The University of Tübingen, in Baden-Würtemmburg, south-western Germany, is conducting a six-year study for a spider phobia treatment that researchers hope will become the therapeutic standard, the university said in a statement on Tuesday.
In a study at the university's psychological institute, some 60 arachnophobes are undergoing examination and treatment in an attempt to ease their fear, the statement said.
The treatment doesn't use live spiders; project leader Svenja Tan Tjhen works with imagination techniques. Researchers use spider photos to measure bodily reactions like pulse and hormone excretion. During the relaxation exercises, patients imagine the palm-sized spiders crawling towards them, and then away again - a therapy based on the assumption that with phobias one needs to first feel fear before it can be relieved.
Researchers plan to finish the study in two years, and hope the short-term therapy will become the standard treatment for arachnophobia.
According to Tjhen, full-blown arachnophobia has led study participants to bizarre behaviour, like refusing to go into a cellar, or calling the police to remove a spider in their home. For many of these patients, the study is a last resort, she said.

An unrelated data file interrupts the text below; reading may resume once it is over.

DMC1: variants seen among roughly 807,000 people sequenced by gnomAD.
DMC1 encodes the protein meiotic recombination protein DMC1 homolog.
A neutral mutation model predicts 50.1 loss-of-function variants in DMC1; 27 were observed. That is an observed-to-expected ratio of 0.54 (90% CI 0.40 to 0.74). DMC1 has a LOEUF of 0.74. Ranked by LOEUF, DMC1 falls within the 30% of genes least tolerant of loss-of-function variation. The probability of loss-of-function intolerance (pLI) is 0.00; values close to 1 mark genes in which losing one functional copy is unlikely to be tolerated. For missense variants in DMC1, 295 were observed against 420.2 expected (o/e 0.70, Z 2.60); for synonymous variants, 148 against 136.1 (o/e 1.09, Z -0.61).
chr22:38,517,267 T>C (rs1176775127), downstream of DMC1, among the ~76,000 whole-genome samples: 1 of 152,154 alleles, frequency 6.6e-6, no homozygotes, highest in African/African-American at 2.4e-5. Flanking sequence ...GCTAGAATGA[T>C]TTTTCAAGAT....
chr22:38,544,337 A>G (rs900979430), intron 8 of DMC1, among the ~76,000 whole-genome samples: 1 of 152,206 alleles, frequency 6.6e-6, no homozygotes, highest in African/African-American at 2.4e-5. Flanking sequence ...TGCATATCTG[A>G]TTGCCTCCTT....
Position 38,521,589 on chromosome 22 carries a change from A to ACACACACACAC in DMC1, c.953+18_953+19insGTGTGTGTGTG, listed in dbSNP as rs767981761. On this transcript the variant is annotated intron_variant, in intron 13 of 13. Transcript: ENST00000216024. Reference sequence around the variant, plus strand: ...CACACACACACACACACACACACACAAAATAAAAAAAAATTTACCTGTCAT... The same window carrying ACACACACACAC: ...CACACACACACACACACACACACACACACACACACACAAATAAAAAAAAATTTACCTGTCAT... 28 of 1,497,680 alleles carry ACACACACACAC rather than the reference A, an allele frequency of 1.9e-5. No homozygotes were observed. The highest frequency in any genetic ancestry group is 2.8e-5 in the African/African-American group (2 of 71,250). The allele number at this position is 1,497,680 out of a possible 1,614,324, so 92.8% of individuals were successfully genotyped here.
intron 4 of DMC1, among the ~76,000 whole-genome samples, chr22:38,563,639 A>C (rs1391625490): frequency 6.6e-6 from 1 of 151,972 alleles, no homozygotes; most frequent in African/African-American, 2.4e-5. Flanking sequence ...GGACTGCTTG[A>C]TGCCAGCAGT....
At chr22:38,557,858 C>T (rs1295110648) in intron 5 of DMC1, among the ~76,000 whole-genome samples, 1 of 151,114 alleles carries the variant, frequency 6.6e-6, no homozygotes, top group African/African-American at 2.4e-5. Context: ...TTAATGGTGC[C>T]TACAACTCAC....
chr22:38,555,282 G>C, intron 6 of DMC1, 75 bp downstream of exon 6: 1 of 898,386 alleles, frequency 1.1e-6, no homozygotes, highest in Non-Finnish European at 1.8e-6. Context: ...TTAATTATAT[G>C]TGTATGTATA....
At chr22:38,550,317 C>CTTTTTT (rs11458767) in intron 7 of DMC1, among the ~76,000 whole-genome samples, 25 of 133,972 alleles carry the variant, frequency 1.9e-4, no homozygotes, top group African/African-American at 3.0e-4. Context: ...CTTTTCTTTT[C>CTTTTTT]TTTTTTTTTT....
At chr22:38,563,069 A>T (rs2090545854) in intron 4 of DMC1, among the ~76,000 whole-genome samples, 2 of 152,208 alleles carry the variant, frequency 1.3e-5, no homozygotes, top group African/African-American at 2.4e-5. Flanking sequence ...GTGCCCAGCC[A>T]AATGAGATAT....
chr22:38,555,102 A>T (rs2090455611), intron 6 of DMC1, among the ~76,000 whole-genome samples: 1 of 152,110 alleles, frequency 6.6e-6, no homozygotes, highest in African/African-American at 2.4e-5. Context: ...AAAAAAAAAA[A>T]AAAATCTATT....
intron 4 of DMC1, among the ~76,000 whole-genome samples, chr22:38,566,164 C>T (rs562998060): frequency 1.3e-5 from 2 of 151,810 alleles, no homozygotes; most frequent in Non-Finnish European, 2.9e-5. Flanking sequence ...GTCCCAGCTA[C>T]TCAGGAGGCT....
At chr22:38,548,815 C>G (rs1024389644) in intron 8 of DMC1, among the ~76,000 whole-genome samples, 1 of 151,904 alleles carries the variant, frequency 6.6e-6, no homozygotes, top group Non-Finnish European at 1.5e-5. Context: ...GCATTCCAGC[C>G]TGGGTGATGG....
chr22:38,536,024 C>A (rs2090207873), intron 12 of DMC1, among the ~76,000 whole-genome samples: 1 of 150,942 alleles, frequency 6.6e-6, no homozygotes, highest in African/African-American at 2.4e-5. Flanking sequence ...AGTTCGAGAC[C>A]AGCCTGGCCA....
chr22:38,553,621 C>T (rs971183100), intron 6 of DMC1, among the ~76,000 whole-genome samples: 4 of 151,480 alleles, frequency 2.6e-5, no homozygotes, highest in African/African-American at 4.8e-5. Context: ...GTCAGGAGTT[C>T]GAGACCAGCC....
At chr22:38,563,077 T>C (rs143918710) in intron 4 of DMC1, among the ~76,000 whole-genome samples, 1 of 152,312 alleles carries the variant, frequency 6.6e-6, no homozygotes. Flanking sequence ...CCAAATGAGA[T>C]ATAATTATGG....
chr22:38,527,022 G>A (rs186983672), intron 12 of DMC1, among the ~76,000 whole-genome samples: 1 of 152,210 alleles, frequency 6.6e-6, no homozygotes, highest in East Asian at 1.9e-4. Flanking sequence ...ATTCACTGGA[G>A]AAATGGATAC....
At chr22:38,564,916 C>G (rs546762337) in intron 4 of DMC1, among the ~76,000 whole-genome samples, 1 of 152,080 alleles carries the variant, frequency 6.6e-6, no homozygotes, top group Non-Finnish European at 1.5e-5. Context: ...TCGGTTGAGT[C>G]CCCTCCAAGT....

Approximately 10 percent of the population suffers from a phobia, Tjhen said. Of the animal phobias, snakes and spiders are the most frequent, and more women suffer from spider phobia than men.
"Usually phobics who can no longer cope with their phobia come to us, some because their partners aren't willing to participate in their avoidance behavior," she said in the statement.
This kind of confrontation therapy is not new, Tjhen said. "We are studying the efficiency of of a particular variant of short-term intervention, that according to our positive findings, could be suitable for a standard therapy."